As noted above, this film is my jam. It kind of reminded me of DEVIL TIMES FIVE (1975) except in this case most of the people who get offed deserve it for being Nazis and in that way, it also reminded me of FIGHT FOR YOUR LIFE (1977). Lulu Wilson delivers a multilayered performance and I have to give props to Kevin James for so efficiently shedding the jovial persona he’s known for. More importantly, though BECKY allowed me to vicariously express my fury at death. I was totally with her the moment she snapped and completely understood the wave of nihilism she gets swept up in. I actually felt better after watching this movie as if some air had been left out of my tires right before they burst. Thanks, BECKY!
Note: I realize I just equated an adult man (that would be me) losing a cat who had a full life to a teen prematurely losing her mother and that may be a bit off. I’m sticking with it though because we need content, I’m still a little angry and cats are better than people.
I remember something from when I was a kid that I wish I could identify. I seem to vaguely (and perhaps incorrectly) recall seeing something on TV where a couple lived next door to an eccentric/reclusive rich guy, who they may or may not know/suspect to be not-quite-human and/or in possession of some kind of supernatural abilities. Anyway, the man in this scheming couple sends the woman over to seduce or at least get close to the rich guy so she can get access to his safe or other riches when he’s not around. I don’t recall how long this plot gets drawn out (maybe the rich guy grows to think she really cares for him over time or maybe he quickly catches her trying to slip away at a dinner party or something), but at some point he walks in on her trying to get his stuff, realizes what’s been going on, and (possibly as an involuntary reaction or perhaps deliberately) “does his thing”, which I think might have been depicted with him emitting a high-pitched shrieking/whistling noise or something. Maybe she screams, but I don’t think we see the effect of this incident before it cuts away, back to the scheming man, who hears the woman come home and enter but doesn’t yet see her when he asks how things went or whatever. She then is seen approaching the man as she starts to say something like “It’s alright…” before the man turns around in horror as he (and the audience) sees that her face is disfigured and she says something like “You still love me!”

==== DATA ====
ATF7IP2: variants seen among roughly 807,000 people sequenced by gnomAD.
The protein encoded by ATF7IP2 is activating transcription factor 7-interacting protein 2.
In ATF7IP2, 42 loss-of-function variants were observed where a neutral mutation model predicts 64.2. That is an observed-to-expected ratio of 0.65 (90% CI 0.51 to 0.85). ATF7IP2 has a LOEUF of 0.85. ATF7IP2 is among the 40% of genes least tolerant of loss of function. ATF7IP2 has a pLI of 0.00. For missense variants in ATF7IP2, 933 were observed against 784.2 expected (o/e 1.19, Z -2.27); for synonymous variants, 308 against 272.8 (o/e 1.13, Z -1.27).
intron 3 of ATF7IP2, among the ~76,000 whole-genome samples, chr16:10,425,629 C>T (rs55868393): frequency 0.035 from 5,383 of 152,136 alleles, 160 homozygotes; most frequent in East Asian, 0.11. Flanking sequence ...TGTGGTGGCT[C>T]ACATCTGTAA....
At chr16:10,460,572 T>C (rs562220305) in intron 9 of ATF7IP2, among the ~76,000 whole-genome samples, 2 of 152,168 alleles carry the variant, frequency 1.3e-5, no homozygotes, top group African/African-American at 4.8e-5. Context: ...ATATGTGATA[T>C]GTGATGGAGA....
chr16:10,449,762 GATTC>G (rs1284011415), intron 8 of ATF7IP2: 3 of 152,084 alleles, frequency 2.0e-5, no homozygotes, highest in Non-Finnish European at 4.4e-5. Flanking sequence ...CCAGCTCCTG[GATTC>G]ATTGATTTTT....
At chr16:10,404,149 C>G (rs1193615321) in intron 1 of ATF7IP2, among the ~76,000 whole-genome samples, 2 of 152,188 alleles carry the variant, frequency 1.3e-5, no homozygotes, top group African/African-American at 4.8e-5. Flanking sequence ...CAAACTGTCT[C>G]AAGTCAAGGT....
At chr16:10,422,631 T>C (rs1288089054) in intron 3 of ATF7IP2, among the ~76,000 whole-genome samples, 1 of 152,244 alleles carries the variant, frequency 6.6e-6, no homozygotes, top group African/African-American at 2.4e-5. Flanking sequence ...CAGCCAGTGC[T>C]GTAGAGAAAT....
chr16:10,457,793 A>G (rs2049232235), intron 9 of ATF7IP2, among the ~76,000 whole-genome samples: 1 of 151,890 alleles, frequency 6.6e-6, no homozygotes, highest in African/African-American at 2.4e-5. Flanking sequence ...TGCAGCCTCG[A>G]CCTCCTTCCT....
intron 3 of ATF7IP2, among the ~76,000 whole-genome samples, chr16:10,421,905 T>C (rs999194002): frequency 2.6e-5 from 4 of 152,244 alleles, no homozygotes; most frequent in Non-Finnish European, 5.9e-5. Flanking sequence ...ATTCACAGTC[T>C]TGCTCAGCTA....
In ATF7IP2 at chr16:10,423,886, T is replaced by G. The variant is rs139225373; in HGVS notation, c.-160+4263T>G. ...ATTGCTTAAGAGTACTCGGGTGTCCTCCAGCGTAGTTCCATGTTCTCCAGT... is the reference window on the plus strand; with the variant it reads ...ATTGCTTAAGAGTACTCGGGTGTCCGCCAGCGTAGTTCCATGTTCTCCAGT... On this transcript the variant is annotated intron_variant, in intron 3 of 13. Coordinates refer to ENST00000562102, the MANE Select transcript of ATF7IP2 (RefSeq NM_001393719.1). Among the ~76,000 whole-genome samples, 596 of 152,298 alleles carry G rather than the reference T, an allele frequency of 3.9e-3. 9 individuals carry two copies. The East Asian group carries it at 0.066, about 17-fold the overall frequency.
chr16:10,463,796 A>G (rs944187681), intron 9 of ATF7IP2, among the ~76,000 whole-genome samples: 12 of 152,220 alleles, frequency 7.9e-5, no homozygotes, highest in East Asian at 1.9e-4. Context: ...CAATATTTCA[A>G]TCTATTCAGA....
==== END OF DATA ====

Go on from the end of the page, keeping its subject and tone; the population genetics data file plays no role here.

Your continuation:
I recently saw a clip from the 1978 movie “The Medusa Touch” that kind of reminded me of the (distantly remembered) intensity of this scene, with some of the same elements, and that film’s main character’s telekinetic powers could almost fit the bill (and I even think his last name of Morlar seems to ring a bell), but the scene and overall plot don’t otherwise match my memory, so perhaps I’m conflating two different films…
Now the funny thing is, I had seen a really short clip (HERE) of a much lower-budget movie (maybe even the scene I’m remembering) years later in part of the video intro at a Weird Al concert (which he apparently first used in a 1987 concert, so the film must be from 1987 or earlier if that’s true). Luckily, I found this video online some time ago, and now I found your website. If this is the movie, the clip is a bit different than I recall, as it appears the scheming man has been captured by the rich man and strapped down to a table for some other horrors when the woman enters and says, “Don’t be afraid, Jason”, but maybe I’m just misremembering it or this is a later part of the movie. Any ideas? Thanks.